Content provided by a guest contributor.
In this day and age, the biggest social media mistake a small business can make is not having any social media accounts. Engaging with your customer base is essential. You also need to have a space where people can recommend you or feel free to complain (which is a great way to improve your product or service).
These days, people feel more comfortable dealing with businesses who have an online presence. But there are certain social media mistakes that small businesses tend to make which are easy to avoid.
Not posting enough or posting too much
Having a Facebook and Twitter account isn’t enough. You also need to be active on these accounts. But, of course, not too active. You want your customers to notice your presence, but you don’t want to flood their timelines with nonsense 24/7. So, it’s a good idea to schedule your posts and tweets. Try Monday, Wednesday and Friday or Tuesday and Thursday (depending on how active you want to be).
Ignoring or deleting complaints
Yes, it doesn’t look good having people write negative comments on your wall or tweet criticisms at you. But don’t delete these or ignore these. Take them as opportunities to engage with your customer base. Show them that you are willing to take their issues seriously and address them as soon as you can. Apologise for the inconvenience and request their contact details. And then, obviously, contact them.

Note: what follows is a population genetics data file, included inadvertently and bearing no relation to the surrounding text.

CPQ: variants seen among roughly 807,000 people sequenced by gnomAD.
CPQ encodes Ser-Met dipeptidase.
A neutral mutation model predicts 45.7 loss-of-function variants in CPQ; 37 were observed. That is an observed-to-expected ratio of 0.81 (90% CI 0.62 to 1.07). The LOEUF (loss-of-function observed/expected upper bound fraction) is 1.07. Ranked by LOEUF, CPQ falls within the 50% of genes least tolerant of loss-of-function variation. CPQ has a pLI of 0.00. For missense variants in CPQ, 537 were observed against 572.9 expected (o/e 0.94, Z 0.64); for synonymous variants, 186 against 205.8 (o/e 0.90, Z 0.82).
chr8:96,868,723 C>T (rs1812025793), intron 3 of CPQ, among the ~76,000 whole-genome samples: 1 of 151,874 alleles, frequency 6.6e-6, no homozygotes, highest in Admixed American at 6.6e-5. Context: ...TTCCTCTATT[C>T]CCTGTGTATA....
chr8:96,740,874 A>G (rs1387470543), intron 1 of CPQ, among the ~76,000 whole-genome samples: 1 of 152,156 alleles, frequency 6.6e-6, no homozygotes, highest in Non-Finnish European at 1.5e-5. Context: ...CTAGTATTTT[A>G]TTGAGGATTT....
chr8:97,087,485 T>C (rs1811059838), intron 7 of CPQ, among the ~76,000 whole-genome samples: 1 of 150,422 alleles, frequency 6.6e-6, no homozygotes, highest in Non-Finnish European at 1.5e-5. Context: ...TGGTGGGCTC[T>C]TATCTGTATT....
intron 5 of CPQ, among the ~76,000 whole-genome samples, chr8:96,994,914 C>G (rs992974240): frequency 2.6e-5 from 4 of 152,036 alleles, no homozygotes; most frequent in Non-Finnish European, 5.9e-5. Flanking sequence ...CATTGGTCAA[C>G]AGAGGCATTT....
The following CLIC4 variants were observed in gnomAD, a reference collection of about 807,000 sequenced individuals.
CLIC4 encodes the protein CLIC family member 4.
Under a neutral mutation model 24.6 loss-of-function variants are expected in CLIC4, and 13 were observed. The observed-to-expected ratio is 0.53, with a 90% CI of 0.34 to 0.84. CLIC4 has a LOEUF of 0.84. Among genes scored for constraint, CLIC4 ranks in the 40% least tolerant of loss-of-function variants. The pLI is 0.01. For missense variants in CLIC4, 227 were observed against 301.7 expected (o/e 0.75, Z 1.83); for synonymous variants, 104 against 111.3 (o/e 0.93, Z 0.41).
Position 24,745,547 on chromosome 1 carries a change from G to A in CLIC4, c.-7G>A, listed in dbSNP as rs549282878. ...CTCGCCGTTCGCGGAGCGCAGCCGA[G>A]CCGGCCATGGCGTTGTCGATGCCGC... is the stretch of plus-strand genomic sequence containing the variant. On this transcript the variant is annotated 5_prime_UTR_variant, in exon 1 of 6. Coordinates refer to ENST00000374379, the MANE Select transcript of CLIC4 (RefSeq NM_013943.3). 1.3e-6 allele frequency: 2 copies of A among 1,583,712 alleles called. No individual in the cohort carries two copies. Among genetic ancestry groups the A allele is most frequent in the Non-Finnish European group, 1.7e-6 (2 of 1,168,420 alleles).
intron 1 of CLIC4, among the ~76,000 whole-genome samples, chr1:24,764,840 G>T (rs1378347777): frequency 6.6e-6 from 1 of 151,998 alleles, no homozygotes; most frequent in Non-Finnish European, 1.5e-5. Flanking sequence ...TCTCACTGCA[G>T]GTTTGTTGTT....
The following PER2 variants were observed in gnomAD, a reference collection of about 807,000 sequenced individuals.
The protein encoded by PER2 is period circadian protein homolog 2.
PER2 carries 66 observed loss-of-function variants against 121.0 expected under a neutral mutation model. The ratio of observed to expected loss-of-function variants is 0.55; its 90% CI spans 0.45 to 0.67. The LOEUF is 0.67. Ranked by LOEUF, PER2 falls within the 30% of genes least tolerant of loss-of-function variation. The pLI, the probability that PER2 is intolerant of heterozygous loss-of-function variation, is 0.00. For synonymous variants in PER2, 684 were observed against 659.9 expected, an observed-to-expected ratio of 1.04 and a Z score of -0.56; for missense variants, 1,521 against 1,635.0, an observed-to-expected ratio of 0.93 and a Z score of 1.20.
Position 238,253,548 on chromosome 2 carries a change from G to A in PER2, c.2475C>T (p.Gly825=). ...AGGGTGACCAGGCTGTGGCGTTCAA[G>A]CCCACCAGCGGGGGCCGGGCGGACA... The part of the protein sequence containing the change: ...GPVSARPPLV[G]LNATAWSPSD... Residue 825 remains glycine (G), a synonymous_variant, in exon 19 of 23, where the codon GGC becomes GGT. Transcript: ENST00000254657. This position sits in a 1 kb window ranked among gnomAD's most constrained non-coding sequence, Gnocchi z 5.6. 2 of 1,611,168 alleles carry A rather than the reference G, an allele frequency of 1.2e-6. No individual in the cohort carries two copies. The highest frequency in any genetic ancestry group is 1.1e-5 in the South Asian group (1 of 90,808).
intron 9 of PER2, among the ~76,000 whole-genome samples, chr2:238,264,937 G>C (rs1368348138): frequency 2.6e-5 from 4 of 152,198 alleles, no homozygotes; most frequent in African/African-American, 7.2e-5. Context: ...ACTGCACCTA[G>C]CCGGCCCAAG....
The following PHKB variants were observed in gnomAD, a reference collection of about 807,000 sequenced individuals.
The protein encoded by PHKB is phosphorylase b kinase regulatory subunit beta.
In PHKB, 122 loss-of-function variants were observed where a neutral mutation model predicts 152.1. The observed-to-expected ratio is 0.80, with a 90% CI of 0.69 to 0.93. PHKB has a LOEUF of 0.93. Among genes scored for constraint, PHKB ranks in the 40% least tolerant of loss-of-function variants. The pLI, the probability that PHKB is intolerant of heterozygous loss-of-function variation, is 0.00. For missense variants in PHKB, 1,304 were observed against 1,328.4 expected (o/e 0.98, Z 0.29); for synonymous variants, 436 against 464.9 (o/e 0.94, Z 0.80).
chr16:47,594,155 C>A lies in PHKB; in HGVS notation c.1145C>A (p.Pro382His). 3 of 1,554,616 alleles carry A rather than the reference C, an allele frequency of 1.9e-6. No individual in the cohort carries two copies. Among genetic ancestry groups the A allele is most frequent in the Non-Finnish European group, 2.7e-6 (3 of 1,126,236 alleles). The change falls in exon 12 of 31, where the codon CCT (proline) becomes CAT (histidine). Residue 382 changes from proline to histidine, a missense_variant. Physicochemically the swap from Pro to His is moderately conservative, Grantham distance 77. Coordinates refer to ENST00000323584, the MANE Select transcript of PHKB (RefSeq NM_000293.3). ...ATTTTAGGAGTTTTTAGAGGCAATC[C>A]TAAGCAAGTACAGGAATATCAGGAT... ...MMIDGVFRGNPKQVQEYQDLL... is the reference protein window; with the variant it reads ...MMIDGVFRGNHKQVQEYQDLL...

Posting boring content
You don’t want to be unfollowed. It’s that simple. So try to post content that’s valuable to your customers. Give them information on sales and discounts or post regular competitions that get them active on your social media page. It may also do some good to add a human touch with a joke or two and a meme once in a while. But that depends on the kind of business you run.
As a small business without a large marketing budget, social media can be a huge asset. But you have to use it in the right way. Avoid these mistakes and you’ll find that running successful social media accounts is not that difficult.
The content in this article was provided by Boston City Campus & Business College, which provides public relations courses among others.